Stompbox Fever: Origin Effects Cali76 and SlideRig

FEW PIECES OF STUDIO GEAR ARE AS REVERED as the Urei 1176 Peak Limiter, designed by Bill Punam and originaly introduced in 1967.
Image placeholder title

FEW PIECES OF STUDIO GEAR ARE AS REVERED as the Urei 1176 Peak Limiter, designed by Bill Punam and originaly introduced in 1967. Employing Field Effect Transistors (FETs) to control gain, the various iterations of the 1176 impart a special magic to nearly any sound that’s run through them—including electric and acoustic guitars. In addition to handling standard compression and limiting functions superbly, the 1176 adds a distinctive brightness and clarity, as well as a bit of bite when pushed (especially with its four Ratio buttons engaged simultaneously in the fabled “All Buttons In” mode). Origin Effects’ Simon Keats, who is a guitarist as well as a veteran pro audio designer, has sought to capture some of that 1176 lightning in three pedals optimized for guitar. “Attack and release times have been customized to suit guitar and bass in an effort to create a pedal that doesn’t have any ‘bad’ settings,” explains Keats. “The attack has a wider sweep than the original, and the release is capable of faster response times, providing greater resolution in the useful areas. The pedals also feature a fully discrete preamplifier very similar to circuits found in mixing consoles manufactured in the 1960s by British companies such as Neve and Helios.”

Image placeholder title


The Cali76 ($339 direct) features an entirely class-A discrete signal path based on the 1176’s topology, but condensed by eliminating parts not essential to producing guitar-friendly sounds. It has the same Input, Output, Attack, and Release controls, but instead of the four Ratio buttons there’s a knob that spans the range between 4:1 and 20:1, and the old-school multifunction meter has been replaced with an LED VU meter designed to better handle the Cali76’s faster release times.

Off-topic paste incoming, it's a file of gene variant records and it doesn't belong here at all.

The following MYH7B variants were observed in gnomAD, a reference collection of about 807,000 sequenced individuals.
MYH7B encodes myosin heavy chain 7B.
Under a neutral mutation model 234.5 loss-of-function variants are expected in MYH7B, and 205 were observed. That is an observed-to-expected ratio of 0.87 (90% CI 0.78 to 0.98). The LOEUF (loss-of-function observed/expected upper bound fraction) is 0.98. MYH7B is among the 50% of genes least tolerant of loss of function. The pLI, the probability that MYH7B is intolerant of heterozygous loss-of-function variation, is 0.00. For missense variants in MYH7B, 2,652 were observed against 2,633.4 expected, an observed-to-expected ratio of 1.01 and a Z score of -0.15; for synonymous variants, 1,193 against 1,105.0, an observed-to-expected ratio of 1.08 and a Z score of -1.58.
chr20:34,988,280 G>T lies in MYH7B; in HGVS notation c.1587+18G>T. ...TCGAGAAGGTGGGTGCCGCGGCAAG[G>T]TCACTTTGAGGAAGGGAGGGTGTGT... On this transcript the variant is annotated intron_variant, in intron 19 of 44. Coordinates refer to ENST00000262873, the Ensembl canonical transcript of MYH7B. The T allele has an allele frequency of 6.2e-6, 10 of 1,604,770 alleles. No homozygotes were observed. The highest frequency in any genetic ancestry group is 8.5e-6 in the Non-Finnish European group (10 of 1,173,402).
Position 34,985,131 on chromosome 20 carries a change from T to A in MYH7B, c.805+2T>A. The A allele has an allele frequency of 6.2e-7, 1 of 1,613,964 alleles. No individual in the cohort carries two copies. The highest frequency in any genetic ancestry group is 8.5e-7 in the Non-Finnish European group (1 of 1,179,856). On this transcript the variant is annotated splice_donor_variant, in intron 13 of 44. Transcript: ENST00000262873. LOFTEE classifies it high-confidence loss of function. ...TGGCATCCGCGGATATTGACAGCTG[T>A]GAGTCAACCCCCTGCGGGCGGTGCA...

Internally, you can choose between True Bypass and Buffered Bypass modes by changing the positions of four tiny jumpers (Buffered Bypass helps maintain signal integrity when multiple pedals or longer cables are involved). Similarly, by changing the position of the Input Sensitivity jumper to one of four optional settings, you can pad the input’s gain response, resulting in additional headroom for accommodating hotter input levels. Inside is also where the 9-volt battery resides, providing about 50 hours of good-quality operation, though the unit performs even better when fed up to 18 volts from an optional regulated power supply such as the one available from Origin ($27).

I tested the Cali76 with a variety of guitars and amps, and although it responded to each a little differently, the results were uniformly stellar. I was able to dial in everything from a supersubtle high-end sheen to gorgeous sustained notes and chords that still retained an expressive dynamic range and clear articulation to massive amounts of merciless squashing—all without introducing noise and odd artifacts except on the most extreme settings. It also played well with several fuzz and distortion pedals—placed both before and after them in the signal chain—and did wonders when taming wildly erratic EBow lines. Of course, the Cali76 isn’t exactly a plug-n-play pedal, and therefore you do need to have at least a basic working knowledge of compressors to achieve optimal results. But once you familiarize yourself with the controls you’ll be delighted with the variety and quality of the sounds you’ll be able to conjure up.